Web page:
Discrete and Insular Minorities
Discrete and Insular Minorities
DISCRETE AND INSULAR MINORITIES
The idea of the "discrete and insular minority" originated in the now famous footnote four of the opinion in united states v. carolene products company (1938). Justice harlan f. stone, writing for only a plurality of the Court, queried—without answering the question—"whether prejudice against discrete and insular minorities may be a special condition, which tends seriously to curtail those political processes ordinarily to be relied upon to protect minorities, and which may call for a correspondingly more searching judicial inquiry." In the wake of the Court's about-face in 1937, Justice Stone was serving notice that the Court might not accord the same deference to statutes directed at "discrete and insular minorities" that it would to statutes directed at economic regulation.
The Court made little use of the concept until the early 1970s, when it began to delineate the class characteristics of such groups. Included were groups that had been "saddled with such disabilities, or subjected to such a history of purposeful unequal treatment, or relegated to such a position of political powerlessness as to command extraordinary protection from the majoritarian political process." Although race, nationality, and alienage seem to have been firmly established as class characteristics of the "discrete and insular minority," the Court has refused to extend such class status to illegitimates, the poor, or conscientious objectors.
regents of the university of california v. bakke (1978) presented the question of the "discrete and insular minority" in a new light. The question in Bakke was whether the same "solicitude" should be applied to test a governmental action designed to benefit rather than injure a "discrete and insular" minority. The university, citing Carolene Products, argued that strict scrutiny was reserved exclusively for "discrete and insular minorities." Four Justices agreed that a white male needed no special protection from the political process that authorized the actions of the university. Justice lewis f. powell rejected this argument: "the "rights created by the … fourteenth amendment are, by its terms, guaranteed to the individual. The rights established are personal rights.…' The guarantee of equal protection cannot mean one thing when applied to one individual and something else when applied to a person of another color."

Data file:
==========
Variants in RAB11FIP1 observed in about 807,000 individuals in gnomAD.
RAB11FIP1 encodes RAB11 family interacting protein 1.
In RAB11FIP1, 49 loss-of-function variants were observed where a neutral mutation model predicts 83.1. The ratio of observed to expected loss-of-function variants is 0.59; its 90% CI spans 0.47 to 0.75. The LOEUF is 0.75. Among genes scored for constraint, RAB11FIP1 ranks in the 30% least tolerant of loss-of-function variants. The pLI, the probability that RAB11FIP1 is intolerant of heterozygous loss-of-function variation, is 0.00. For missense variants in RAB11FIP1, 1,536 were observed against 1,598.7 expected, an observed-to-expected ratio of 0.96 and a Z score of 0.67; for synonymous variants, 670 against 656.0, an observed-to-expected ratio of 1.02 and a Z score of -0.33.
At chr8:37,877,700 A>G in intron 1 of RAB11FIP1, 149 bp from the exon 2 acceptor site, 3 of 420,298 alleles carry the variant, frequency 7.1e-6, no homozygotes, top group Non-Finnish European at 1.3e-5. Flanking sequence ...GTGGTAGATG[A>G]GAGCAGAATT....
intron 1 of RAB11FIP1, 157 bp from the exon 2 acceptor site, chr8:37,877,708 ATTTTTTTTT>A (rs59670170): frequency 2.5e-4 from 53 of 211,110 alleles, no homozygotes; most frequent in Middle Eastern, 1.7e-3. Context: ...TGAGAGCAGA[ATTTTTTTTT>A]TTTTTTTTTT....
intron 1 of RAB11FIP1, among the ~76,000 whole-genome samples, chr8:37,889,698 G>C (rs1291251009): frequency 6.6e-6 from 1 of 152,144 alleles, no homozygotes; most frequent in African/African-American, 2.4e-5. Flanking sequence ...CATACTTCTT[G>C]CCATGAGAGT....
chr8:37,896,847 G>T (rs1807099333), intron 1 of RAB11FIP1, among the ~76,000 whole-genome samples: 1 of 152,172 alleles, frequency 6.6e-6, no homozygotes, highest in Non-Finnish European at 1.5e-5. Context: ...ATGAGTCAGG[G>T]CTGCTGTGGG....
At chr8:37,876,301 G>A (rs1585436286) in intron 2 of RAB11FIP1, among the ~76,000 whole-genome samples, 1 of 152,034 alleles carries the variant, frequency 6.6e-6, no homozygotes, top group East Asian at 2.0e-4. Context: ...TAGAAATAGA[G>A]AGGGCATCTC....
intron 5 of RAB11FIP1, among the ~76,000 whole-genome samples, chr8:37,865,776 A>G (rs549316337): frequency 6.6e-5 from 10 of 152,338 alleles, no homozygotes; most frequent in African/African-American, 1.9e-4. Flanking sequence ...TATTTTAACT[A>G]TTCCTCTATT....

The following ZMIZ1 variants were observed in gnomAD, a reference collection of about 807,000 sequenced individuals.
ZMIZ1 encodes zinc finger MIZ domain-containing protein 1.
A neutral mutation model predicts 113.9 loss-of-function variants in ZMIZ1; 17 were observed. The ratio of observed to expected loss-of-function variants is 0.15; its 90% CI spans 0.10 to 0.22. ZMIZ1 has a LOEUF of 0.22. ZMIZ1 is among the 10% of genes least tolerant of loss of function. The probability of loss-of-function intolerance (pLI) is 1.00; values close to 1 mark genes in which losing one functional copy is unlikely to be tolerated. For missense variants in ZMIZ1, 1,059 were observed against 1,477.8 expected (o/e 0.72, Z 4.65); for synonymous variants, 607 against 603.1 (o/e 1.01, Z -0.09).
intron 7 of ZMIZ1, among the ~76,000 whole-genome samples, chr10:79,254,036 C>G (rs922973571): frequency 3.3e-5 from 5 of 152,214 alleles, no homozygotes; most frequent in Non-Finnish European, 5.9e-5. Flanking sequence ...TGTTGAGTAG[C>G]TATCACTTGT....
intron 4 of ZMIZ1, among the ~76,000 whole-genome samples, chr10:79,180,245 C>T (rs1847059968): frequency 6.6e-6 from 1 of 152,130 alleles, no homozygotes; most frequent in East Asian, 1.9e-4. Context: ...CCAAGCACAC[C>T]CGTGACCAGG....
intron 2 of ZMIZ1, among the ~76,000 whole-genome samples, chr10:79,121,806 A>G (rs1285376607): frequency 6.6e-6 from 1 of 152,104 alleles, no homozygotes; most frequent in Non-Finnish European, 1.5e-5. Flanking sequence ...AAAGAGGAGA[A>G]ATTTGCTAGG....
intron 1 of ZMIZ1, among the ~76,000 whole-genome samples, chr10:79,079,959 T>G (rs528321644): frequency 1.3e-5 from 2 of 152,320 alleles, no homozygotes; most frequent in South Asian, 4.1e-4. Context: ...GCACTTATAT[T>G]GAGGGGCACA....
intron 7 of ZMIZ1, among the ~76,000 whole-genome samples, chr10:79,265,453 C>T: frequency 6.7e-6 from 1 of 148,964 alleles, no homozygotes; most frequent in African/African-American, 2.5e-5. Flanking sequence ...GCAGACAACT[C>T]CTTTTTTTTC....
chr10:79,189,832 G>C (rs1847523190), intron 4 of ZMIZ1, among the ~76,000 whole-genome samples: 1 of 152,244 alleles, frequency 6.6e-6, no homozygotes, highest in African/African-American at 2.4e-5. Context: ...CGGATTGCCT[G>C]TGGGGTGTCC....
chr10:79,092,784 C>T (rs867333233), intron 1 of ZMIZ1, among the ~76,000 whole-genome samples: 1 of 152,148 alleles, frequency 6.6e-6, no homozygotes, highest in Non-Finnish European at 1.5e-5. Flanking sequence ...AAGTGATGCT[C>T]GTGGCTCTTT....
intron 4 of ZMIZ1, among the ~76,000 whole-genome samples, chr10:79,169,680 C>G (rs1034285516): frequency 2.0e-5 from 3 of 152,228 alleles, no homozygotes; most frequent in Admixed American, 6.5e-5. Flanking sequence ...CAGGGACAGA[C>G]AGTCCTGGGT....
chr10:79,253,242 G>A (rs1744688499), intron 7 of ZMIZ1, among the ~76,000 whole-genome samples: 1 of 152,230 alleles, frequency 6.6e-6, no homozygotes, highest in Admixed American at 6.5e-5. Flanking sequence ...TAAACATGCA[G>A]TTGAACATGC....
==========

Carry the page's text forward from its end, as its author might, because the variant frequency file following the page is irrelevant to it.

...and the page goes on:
In fullilove v. klutznick (1980) the Court, for the first time since the japanese american cases (1943–1944), upheld a racial classification that was expressed on the face of a law. Fullilove involved a challenge to an act of Congress authorizing federal funds for local public works projects and setting aside ten percent of those funds for employment of businesses owned by Negroes, Hispanics, Orientals, american indians, and Aleuts. Chief Justice warren e. burger, writing for a plurality, called for judicial deference to Congress's power under section 5 of the Fourteenth Amendment, as equivalent to "the broad powers expressed in the necessary and proper clause. …"The irony was that the idea of the "discrete and insular minority" in its inception was designed to curtail such deference when racial classifications were involved.